Now on to your personal side;

Birth place & date: Kingston Upon Hull, England. I don't give out my birth date.

Reside in: East Yorkshire, England.

Hobbies: I still play the piano and like to watch movies and films.

Music taste: Modern Classical music.

Likes to do best: Films, Concerts.

Goal in life: Learn as much as you can, enjoy the moment.

How does life look today?

Life is good. I still have a strong interest in the multimedia and video games business. Things are changing very quickly and there are some interesting new technologies.

And the family?
Married with no children.

You recently moved back to England from the US. Why?
I moved back to relocate back to Europe, mainly for personal and family reasons.

What will you miss the most?
I'll miss the weather and lifestyle and the American service industries.

What will you be working with?
I'm still undecided on this. I'm getting back into playing some gigs again with a band.

Focusing on the future, what's planned next?
To get into playing again and get established back in Europe. And also to visit European countries that I've never been to.

If we return to the computer stuff again, it makes me think about the fact that you was always at the top, leaving no one disappointed when ever a new Hubbard tune hit the market. From your point of view, tell us about the C64 days as you remember them.
The old C64 days were a lot of fun - I really had a blast doing those games. There were no rules, no producers, no one dictating marketing. A C64 computer music culture developed that was completely fresh and new and I am very proud to have been part of it. Things have changed, become more corporate, and unfortunately, those days will never return. We were always trying to find new ways to get better sound and push the envelope artistically.

Yeah, that's the whole thing! I mean, the memory, the SID and just everything about the C64 was limited. It forced you to find new ways of how to reach a certain goal.
By changing the driver code and by not following any trends - there were no rules and lots of freedom. Eventually it became a cult scene and had a style associated with it, especially in Europe.

If you take a look on what you actually did ten years ago, what do you think of the quality?
I think there was some good stuff and some bad stuff. There were some tunes that were well contructed and had something, while others were sometimes a little ambitious and didn't really work...

Fill in the following;

Action Biker title screenThe first one to be used in a game: Action Biker or Thing on a Spring.

The most complicated one to compose: Kentilla and Delta.

The one that took the longest to do: Kentilla and Delta.

Kentilla title screenThe one that drove you insane: Kentilla and Delta.

The one composed in shortest time: Commando.

The worst one: Sam Fox Strip Poker !!!

Sam Fox being the worst title - then you must tell us about John York!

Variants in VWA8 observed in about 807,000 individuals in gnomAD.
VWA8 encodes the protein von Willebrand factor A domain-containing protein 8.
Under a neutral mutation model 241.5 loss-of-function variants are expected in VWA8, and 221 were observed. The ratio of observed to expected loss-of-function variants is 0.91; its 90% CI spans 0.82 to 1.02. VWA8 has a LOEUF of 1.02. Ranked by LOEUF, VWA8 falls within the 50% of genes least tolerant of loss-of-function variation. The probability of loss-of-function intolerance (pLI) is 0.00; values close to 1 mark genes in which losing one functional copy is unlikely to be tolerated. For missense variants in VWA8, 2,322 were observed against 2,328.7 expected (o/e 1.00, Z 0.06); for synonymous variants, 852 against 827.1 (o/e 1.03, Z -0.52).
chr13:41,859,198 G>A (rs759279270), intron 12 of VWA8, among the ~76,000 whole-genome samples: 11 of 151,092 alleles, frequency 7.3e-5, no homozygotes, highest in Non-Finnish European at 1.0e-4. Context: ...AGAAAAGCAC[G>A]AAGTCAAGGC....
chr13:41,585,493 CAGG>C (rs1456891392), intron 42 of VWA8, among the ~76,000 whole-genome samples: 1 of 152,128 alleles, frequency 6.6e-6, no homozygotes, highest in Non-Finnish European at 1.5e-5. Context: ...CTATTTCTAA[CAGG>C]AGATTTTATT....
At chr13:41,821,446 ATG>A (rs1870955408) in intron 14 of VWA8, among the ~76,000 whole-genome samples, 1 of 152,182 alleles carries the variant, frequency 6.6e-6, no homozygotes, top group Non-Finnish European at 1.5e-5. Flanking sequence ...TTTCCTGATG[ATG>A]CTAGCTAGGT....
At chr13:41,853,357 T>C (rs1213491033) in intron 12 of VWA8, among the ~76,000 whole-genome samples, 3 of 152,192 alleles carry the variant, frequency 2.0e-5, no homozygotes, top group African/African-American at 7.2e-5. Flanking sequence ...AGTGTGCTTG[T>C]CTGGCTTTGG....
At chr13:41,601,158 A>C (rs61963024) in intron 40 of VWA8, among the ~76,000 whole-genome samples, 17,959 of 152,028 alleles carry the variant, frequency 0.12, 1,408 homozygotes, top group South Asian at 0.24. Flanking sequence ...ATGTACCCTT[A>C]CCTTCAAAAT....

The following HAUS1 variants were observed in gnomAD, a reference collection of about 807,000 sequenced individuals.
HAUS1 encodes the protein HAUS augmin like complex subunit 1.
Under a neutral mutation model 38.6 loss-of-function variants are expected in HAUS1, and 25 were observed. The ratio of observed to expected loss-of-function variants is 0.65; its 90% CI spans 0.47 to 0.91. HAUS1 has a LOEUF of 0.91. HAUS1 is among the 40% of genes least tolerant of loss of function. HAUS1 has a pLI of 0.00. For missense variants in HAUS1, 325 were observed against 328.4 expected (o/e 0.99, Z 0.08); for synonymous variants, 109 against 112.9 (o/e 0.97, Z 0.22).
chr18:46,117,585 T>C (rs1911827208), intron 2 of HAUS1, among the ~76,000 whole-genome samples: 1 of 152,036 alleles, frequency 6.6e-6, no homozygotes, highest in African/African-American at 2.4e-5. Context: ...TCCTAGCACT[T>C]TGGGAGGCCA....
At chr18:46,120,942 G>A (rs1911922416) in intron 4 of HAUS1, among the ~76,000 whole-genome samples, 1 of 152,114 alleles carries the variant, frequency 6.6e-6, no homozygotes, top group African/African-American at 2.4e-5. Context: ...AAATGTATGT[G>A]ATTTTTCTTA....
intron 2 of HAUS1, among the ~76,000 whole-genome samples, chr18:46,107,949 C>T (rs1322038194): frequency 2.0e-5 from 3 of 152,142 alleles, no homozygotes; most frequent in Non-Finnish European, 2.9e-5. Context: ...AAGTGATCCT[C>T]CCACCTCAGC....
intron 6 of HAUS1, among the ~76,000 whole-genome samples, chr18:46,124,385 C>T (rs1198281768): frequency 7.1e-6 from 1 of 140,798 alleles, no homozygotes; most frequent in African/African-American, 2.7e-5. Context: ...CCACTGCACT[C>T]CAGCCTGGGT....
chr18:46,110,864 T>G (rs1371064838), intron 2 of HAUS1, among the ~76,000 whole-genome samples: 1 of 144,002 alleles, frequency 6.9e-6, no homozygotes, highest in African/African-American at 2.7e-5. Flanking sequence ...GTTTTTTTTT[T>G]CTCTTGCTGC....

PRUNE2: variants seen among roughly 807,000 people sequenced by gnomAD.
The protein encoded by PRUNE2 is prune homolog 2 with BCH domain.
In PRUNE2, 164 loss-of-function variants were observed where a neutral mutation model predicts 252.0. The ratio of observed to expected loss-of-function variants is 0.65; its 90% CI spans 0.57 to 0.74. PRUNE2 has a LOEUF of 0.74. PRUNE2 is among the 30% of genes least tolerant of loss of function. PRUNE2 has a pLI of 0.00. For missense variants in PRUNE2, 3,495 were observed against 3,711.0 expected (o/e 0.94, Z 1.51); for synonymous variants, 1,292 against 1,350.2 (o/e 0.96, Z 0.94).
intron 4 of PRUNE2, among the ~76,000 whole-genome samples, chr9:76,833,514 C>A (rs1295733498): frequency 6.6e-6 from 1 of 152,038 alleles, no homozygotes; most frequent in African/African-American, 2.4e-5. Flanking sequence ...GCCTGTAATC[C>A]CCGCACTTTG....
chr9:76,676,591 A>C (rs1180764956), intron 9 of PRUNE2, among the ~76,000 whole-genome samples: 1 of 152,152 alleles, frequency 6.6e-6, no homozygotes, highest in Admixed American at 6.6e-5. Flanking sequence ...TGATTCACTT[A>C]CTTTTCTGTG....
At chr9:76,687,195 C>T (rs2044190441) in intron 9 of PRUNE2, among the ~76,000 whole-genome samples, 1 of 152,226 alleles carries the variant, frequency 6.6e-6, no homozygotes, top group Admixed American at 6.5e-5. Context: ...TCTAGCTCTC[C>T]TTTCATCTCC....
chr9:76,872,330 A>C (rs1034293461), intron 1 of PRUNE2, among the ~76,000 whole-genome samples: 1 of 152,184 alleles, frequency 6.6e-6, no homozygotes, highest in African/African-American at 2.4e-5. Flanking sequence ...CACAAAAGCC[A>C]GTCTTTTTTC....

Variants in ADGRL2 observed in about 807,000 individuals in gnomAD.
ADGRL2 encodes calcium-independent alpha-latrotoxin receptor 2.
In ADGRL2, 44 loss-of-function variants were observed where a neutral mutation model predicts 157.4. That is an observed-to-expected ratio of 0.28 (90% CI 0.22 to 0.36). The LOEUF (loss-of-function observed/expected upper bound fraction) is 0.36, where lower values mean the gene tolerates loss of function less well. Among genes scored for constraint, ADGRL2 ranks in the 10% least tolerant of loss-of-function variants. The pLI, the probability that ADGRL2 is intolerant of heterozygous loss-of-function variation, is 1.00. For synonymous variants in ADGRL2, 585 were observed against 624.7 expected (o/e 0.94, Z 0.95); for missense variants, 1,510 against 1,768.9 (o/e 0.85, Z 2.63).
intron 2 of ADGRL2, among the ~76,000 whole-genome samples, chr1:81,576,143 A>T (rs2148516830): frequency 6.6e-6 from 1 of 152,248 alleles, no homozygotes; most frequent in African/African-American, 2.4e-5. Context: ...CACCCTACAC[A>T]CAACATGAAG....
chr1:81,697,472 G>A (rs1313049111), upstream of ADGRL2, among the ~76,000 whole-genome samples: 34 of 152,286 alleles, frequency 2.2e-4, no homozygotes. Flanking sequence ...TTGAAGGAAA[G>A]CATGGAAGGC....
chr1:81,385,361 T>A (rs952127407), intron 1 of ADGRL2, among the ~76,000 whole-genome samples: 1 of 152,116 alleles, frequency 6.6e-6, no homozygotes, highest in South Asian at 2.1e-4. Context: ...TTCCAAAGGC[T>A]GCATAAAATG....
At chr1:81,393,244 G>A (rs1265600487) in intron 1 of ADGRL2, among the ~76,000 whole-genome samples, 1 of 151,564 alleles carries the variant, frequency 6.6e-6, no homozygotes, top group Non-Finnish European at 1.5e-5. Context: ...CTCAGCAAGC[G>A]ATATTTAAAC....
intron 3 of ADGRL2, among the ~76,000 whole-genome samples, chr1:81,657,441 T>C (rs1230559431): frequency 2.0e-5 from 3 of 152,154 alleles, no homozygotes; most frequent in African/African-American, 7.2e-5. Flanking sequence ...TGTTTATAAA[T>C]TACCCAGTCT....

Sam Fox Strip Poker was such a cheesy title and they wanted that cheesy lame music along with it - I didn't want to admit that I did it just for the money!! John York was the first name that I thought of and used as an alias....

Tell us about the making of Ace 2.
This was supposed to be the usual Top Gun type Danger Zone music. It turned out much better than I expected as certain musical styles can be difficult to do on the C64.

Action Biker is a huge favourite of mine. The sounds are a bit poor, but damn it's charming!
Action B was a very early game and very conservative in it's approach - it was my idea of giving them what I thought they wanted, a simple cute tune.....

How was it to work with Benn on Auf Wiedersehen Monty? Who came up with the idea of you two working together? Did you stay up really late and had a lot of laughs?!?!??
I think it was something that Gremlin wanted to do as I had done the first Monty and Ben worked at the office full time. It could have been Tony's (Crowther) idea also. Yes we stayed up late, but eventually got the job done.

Whenever doing a cover version of a tune, did you have to work out the copyright details before the tune was published? Lightforce is one example.
Is LF a cover? I don't remember if it was. In any case it was good rythmically but the rest was a piece of junk. Generally there were no copyright issues involved with covers. I always figured it was their problem and not mine.

What was Julian Breeze's involvement in the Thanatos tune?
He gave me a music sketch and I implemented it.....

A friend of yours?
Never met or spoke with the chap.

I have picked out a couple of my favourite RH tunes (impossible task). Please tell us about how they came to life.

Star Paws

Star Paws was originally written for the Atari ST and was therefore compromised for that machine. The tune was basically junk - I was very tired and uninspired at the time.

International Karate